12 years ago, Katalin Csiszár and her husband founded their bonbon and chocolate making company, Rózsavölgyi Csokoládé. Not entirely satisfied with the flavour of the chocolate brands they used, they decided to produce their own chocolate. “It was good, but we wanted the best. So now we are a bean to bar chocolate and bonbon maker.”
A fine selection of cocoa beans
To produce the best chocolate, the Csiszárs select the best cocoa beans. When asked how the selection process works, Csiszár smiled and said, “in the beginning, we wanted to use the Venezuelan beans of the Franceschi family. It was funny: we asked them if we could meet in Venezuela and they replied, “Yes we can meet, we’re in Budapest.” The whole family was there! So we visited their workshop and we agreed to use their beans. My husband visited a lot of their plantations in Venezuela and brought back some samples. We picked the six beans we liked best. That was 8 years ago. Since then, a lot of cocoa bean farmers have asked us to use their beans. We now use beans from Madagascar, Tanzania, Nicaragua, Venezuela and Peru.”
Every bean has its own aroma. The Csiszárs are always looking for something special. But how do they do it? Csiszár: “It’s very difficult to say what we’re looking for, because there are more than 600 aromas in the beans. It’s kind of an art, you try to imagine what kind of chocolate it will be, and then you decide. You have to feel it. And you can only do that by eating a lot of beans. You can’t just taste one bean; you have to put two handfuls of beans in your mouth and chew, chew, chew. You actually make chocolate in your mouth and try to assess the right balance, knowing that when making chocolate you will lose a lot of the aroma during the process, and you’ll add some others too.”
Close contact with the farmers
The Csiszárs buy the beans directly from farmers and never from traders. “Although we buy the beans from the other side of the world, the food chain is short. Selling directly from the people is the only way to do it. It is very important to know the farmers, so we visit them regularly. I just got back from Tanzania, and my husband went to Venezuela in April.
The farmer ferments the beans and dries them. This process impacts the taste of the beans: the farmer controls the acidity, the aromas and the bitterness. That’s why it is important to know the farmers – the fermentation is really a crucial step. After that, it’s up to us. Our work starts with roasting, adding, grinding, conching… We roast at very low temperatures to preserve as much of the original taste of the bean as possible. Roasting at a high temperature will give the chocolate a roasted aftertaste, which I don’t like.”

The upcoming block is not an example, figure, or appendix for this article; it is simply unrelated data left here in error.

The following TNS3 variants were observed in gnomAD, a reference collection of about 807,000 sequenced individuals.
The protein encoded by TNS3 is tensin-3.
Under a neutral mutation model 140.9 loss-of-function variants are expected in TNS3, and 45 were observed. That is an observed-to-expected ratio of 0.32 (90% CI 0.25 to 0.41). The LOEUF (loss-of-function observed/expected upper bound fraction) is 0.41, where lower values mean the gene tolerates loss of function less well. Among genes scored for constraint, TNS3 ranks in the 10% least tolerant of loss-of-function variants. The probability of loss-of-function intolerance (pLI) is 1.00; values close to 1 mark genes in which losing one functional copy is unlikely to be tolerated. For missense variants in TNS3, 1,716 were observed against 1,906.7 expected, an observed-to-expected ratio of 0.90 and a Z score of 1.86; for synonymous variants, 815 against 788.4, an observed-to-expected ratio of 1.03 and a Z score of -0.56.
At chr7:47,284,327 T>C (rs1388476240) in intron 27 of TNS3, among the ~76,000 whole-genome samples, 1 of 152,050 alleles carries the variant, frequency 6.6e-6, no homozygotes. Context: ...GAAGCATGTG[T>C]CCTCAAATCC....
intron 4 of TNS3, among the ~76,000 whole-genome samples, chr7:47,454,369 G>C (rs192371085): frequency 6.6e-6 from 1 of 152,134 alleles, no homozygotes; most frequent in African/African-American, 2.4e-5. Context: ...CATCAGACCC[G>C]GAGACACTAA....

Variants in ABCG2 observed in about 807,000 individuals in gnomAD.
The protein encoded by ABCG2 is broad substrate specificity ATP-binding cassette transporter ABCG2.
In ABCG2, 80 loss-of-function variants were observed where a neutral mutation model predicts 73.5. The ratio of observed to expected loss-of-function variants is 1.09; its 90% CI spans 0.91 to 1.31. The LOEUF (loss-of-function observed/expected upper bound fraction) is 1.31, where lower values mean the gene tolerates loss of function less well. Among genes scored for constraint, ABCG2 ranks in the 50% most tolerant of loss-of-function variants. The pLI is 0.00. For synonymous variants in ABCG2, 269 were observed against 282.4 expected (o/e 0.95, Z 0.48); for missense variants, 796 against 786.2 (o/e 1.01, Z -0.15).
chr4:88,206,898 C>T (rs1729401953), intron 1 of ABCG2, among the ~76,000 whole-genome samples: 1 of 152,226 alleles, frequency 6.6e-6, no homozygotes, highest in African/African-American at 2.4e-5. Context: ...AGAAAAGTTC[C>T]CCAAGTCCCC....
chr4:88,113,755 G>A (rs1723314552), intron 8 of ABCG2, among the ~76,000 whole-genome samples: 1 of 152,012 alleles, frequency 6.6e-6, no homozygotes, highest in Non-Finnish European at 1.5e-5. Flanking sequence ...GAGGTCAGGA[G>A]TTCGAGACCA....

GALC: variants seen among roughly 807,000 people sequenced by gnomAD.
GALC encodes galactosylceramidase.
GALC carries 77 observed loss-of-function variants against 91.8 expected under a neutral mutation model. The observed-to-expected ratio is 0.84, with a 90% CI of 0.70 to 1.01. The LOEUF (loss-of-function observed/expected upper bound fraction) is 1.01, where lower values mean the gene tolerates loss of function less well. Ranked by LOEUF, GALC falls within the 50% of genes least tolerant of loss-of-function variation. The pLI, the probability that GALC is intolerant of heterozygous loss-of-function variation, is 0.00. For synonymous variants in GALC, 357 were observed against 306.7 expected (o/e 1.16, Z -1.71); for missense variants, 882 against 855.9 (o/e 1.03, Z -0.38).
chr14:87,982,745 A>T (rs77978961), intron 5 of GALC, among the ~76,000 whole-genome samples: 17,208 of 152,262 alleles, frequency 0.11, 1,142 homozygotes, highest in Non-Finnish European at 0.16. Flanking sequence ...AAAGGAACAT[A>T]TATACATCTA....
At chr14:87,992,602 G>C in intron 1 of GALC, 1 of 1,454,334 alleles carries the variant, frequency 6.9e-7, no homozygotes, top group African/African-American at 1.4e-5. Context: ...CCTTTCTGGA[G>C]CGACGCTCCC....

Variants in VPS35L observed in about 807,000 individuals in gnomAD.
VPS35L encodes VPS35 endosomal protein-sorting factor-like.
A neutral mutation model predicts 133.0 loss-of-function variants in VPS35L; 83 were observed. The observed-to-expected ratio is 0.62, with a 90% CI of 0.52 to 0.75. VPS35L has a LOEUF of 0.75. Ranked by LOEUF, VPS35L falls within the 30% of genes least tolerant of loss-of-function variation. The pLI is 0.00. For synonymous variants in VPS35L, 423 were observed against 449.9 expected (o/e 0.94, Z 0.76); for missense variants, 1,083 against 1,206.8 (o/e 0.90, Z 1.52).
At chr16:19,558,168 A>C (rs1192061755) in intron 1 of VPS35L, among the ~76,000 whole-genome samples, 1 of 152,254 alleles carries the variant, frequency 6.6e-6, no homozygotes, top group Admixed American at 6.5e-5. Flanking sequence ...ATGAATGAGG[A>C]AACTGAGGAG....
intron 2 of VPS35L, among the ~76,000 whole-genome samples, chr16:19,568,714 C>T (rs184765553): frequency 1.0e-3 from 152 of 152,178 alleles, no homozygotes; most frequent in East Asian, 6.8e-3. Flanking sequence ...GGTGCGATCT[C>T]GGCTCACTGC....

From beans to bars and bonbons
The balanced selection of cocoa beans is transformed by the Csiszár family into all sorts of chocolates: bars, bonbons, dipped cherries… “We have fixed and seasonal products. The possibilities are endless, so we create what we like. We also produce special tastes, shapes and even sculptures on request. And, for a small number of restaurants, we create chocolate drops that the patissier can use. We sell the bars and bonbons in our own shop, but they are also sold in premium shops across the world. We didn’t do any marketing for that; people are just talking about us. It’s growing slowly, and that’s fine, we don’t want to grow fast.”
Misconceptions and true stories
“There are many misconceptions about chocolate; that it makes you fat, that it’s meant for children and that the taste depends on the cocoa percentage in the chocolate, but that’s all nonsense. You can make amazingly good chocolate with 65% cocoa and an awful chocolate with 95% cocoa. It’s the chocolate maker and the aromas in the bean that determine the quality.
What’s the truth about chocolate? It’s not a cheap product but it is easy to get and it’s eaten a lot. You have to realise, however, that it comes from the other side of the world and it’s not grown in large quantities. So when you buy cheap chocolate, you should know that it is not made from good cocoa beans, there may also be child labour involved. It’s sold very cheaply to big buyers by farmers that live in poor conditions. We really have to rethink the whole thing. A growing number of people want products they can trace. They want to know where it comes from and who made it. They want their product to be made by someone who cares about the environment. So that’s what we assure them. They are able to taste and smell the difference as well.”
We visited Budapest and were overwhelmed by the enormous range of interesting and inspiring baked goods concepts. You might also be interested in the article with our selection of Budapest’s best.
Disclaimer: the selection of this concept was done on an editorial basis. There is no commercial link in relation to this article.